The “Effort” in Photography

This hobby takes some work!

When I first got back into photography, I thought that it would be pretty easy going.  I could do it in my free time.  The right shot would come opportunistically.

Sensor: Canon 6D
Location: San Francisco, CA


But in writing this blog, I think I need to be a little bit more proactive in trying to find some good images to post.  Otherwise my blog will be starved of images before it began.  So I find myself working a lot harder at this hobby than I anticipated.   Lots of experienced photographers will tell you that the work is in the preparation.  I thought I’d give my take on where the effort goes.

  • Lugging the bag – You can see what I carried recently on my trip to Macau, Hong Kong, and Japan this month in the last photo.  Body, 3 lenses, filters, batteries, spare point and shoot, tripod, and laptop.  I’m used to carrying a full golf bag around 18 holes for 5 hours, so it’s definitely manageable. But the camera bag gets in the way frequently to be completely mobile.  All together I’m probably carrying about 20 lbs of equipment.  Maybe if I got a backpack instead of a single strap bag it would help.
  • Setting up the tripod – I’m still trying to figure out how to make this piece of equipment become second nature to me.  Setting it up, collapsing it takes more time than I’d like to admit.  I’ve tried carrying it around with the camera attached, but since it is a ball head, the camera can get loose and flop around.  Still feel like I’m a guy with two left feet in handling the tripod.  I’ve got to get to a point where it becomes second nature.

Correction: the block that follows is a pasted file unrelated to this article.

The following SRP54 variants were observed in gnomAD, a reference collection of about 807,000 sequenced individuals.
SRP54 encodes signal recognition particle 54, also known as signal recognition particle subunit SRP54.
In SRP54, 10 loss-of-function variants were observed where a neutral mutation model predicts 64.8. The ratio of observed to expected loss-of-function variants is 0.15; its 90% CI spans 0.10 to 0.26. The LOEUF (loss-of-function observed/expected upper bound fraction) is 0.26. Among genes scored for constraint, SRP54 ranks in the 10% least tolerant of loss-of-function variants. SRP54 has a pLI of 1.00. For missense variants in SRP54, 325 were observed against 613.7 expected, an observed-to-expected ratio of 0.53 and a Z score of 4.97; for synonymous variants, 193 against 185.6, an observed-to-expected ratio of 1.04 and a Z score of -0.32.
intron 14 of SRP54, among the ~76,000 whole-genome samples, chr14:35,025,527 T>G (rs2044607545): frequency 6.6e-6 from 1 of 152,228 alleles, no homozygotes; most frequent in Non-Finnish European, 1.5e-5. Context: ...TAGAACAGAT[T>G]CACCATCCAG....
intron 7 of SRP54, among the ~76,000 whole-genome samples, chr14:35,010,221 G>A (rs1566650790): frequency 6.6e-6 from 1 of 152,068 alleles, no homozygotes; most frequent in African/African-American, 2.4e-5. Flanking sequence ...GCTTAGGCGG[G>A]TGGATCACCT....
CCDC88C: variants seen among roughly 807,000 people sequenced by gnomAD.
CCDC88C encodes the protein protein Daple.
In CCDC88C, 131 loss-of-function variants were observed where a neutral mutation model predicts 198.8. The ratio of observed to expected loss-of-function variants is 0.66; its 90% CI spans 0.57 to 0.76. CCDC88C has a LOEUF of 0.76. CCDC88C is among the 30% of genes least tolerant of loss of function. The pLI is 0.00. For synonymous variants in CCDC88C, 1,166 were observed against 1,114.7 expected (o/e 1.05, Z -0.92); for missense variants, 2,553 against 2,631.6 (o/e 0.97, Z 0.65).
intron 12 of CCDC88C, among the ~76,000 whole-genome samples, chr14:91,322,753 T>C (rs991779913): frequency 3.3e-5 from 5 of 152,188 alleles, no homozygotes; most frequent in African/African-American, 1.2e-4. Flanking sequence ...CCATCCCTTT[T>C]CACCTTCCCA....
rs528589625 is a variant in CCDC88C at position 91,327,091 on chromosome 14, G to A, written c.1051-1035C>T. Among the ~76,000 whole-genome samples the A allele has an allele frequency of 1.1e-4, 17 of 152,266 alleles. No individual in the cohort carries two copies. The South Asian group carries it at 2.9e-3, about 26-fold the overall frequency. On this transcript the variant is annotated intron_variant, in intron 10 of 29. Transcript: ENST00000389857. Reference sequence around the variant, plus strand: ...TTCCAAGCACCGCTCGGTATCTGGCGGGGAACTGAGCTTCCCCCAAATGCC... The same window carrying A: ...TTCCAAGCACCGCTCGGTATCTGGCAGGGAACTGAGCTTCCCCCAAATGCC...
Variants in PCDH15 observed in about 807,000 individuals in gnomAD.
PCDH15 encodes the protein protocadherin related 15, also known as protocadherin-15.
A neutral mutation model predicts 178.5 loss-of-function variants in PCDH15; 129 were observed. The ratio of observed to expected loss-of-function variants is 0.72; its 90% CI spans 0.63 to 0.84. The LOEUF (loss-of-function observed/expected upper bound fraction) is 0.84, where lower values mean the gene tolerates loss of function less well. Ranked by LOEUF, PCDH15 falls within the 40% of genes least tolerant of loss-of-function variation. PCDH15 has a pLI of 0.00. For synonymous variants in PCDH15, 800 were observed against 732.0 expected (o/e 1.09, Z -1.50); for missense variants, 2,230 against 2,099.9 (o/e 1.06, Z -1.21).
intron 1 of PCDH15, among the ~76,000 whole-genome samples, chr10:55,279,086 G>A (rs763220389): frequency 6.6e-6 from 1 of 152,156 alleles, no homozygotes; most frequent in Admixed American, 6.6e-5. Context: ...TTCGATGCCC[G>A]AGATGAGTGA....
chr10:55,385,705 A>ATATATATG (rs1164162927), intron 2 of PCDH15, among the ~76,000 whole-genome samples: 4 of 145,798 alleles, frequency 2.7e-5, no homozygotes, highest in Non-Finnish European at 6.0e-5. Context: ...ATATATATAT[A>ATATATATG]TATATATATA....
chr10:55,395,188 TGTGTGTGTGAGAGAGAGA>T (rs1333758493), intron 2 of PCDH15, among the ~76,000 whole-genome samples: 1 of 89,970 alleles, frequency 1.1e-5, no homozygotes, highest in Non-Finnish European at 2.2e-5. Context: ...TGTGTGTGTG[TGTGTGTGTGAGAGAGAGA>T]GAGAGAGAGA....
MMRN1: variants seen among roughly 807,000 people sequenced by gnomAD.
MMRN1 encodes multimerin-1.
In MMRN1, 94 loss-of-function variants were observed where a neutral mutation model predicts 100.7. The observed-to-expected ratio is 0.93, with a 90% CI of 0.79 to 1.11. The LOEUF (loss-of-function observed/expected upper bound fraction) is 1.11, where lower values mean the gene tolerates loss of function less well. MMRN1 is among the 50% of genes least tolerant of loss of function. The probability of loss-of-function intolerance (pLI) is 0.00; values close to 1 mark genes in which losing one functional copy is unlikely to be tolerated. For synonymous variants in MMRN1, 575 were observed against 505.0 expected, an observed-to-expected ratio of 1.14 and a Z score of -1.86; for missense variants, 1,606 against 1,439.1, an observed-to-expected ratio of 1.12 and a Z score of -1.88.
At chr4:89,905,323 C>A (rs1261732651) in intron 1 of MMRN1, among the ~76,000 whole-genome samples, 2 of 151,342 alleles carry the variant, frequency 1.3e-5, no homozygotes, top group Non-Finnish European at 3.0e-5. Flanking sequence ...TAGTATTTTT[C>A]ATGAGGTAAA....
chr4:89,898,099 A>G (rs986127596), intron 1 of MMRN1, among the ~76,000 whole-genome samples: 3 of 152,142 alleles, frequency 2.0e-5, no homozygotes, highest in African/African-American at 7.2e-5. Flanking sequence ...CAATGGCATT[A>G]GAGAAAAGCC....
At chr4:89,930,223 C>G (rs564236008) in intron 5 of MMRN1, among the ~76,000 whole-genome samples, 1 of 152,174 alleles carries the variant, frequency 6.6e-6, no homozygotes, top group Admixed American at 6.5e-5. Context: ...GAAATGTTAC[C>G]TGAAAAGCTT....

• Managing all the filters – I carry around protective filters, polarizers, and graduated filters.  Each presents a different type of hassle.  find myself constantly removing the protective filters for a variety of reasons.  Replacing it to put the polarizer on is the probably the biggest.  Other times its to clean it and need to take it off to check to make sure I got all the smudges off.  Sometimes I need to take it off because I want to minimize reflections, like if I need to take a shot through a window and I don’t want light reflecting off the window glass and into my shot.  The graduated filter is another great tool, but I need to be really careful with these.  First, I usually hand hold it rather than mount it.  Second it’s made of glass so I have to be very careful with it.   Others are resin based, so they can scratch easily.  But then when I’m done with it, I need to find a place to put it quickly and that can be a hassle.   But don’t get me wrong, I think filters are one of the top 3 things that separate great pictures from good pictures, so I don’t see this going away anytime soon.
  • Expanding the waking hours – Most photographers say that the best time to take photos is in the early morning hours, or at dusk.  I kind of ignored that advice, but I’m here to report that I find it’s true.  Not because the air is clearer or because the light is not as harsh, (which it probably is), but because the light is just more interesting and the sky is more complex.
  • The Relationship with the SO about photography.  Need I say anything more?

Sensor: Canon 1D Mk ii
Location: San Francisco, CA
Title: Escape from Alactraz


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